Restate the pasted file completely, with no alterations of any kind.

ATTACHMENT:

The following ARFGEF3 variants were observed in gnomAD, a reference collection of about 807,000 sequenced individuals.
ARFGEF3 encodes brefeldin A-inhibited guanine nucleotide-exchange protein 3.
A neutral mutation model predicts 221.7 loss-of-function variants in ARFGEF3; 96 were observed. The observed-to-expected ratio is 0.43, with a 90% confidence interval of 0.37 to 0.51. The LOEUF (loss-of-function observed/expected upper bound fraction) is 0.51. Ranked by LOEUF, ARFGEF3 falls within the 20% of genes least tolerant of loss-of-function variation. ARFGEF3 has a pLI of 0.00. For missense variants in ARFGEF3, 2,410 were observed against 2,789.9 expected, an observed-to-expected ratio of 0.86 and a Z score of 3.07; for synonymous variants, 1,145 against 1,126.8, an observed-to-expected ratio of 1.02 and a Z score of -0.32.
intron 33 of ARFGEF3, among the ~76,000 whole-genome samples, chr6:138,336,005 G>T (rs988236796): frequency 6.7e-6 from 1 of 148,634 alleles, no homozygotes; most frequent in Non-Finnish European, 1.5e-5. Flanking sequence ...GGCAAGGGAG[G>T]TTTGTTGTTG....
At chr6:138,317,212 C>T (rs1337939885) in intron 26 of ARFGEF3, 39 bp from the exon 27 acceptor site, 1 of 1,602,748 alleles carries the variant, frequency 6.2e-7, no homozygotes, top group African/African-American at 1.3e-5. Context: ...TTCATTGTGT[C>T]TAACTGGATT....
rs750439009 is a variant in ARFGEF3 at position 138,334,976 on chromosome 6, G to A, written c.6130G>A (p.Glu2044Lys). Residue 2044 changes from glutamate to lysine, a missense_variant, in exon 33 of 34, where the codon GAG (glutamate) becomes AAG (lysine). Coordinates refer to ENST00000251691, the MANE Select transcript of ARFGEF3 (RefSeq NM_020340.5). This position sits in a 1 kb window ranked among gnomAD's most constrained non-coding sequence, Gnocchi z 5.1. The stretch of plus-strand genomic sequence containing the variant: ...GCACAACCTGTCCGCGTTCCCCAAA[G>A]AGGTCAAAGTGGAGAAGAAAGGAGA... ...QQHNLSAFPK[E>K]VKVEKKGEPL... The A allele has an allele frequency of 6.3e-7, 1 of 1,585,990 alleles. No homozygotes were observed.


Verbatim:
The following ARFGEF3 variants were observed in gnomAD, a reference collection of about 807,000 sequenced individuals.
ARFGEF3 encodes brefeldin A-inhibited guanine nucleotide-exchange protein 3.
A neutral mutation model predicts 221.7 loss-of-function variants in ARFGEF3; 96 were observed. The observed-to-expected ratio is 0.43, with a 90% confidence interval of 0.37 to 0.51. The LOEUF (loss-of-function observed/expected upper bound fraction) is 0.51. Ranked by LOEUF, ARFGEF3 falls within the 20% of genes least tolerant of loss-of-function variation. ARFGEF3 has a pLI of 0.00. For missense variants in ARFGEF3, 2,410 were observed against 2,789.9 expected, an observed-to-expected ratio of 0.86 and a Z score of 3.07; for synonymous variants, 1,145 against 1,126.8, an observed-to-expected ratio of 1.02 and a Z score of -0.32.
intron 33 of ARFGEF3, among the ~76,000 whole-genome samples, chr6:138,336,005 G>T (rs988236796): frequency 6.7e-6 from 1 of 148,634 alleles, no homozygotes; most frequent in Non-Finnish European, 1.5e-5. Flanking sequence ...GGCAAGGGAG[G>T]TTTGTTGTTG....
At chr6:138,317,212 C>T (rs1337939885) in intron 26 of ARFGEF3, 39 bp from the exon 27 acceptor site, 1 of 1,602,748 alleles carries the variant, frequency 6.2e-7, no homozygotes, top group African/African-American at 1.3e-5. Context: ...TTCATTGTGT[C>T]TAACTGGATT....
rs750439009 is a variant in ARFGEF3 at position 138,334,976 on chromosome 6, G to A, written c.6130G>A (p.Glu2044Lys). Residue 2044 changes from glutamate to lysine, a missense_variant, in exon 33 of 34, where the codon GAG (glutamate) becomes AAG (lysine). Coordinates refer to ENST00000251691, the MANE Select transcript of ARFGEF3 (RefSeq NM_020340.5). This position sits in a 1 kb window ranked among gnomAD's most constrained non-coding sequence, Gnocchi z 5.1. The stretch of plus-strand genomic sequence containing the variant: ...GCACAACCTGTCCGCGTTCCCCAAA[G>A]AGGTCAAAGTGGAGAAGAAAGGAGA... ...QQHNLSAFPK[E>K]VKVEKKGEPL... The A allele has an allele frequency of 6.3e-7, 1 of 1,585,990 alleles. No homozygotes were observed.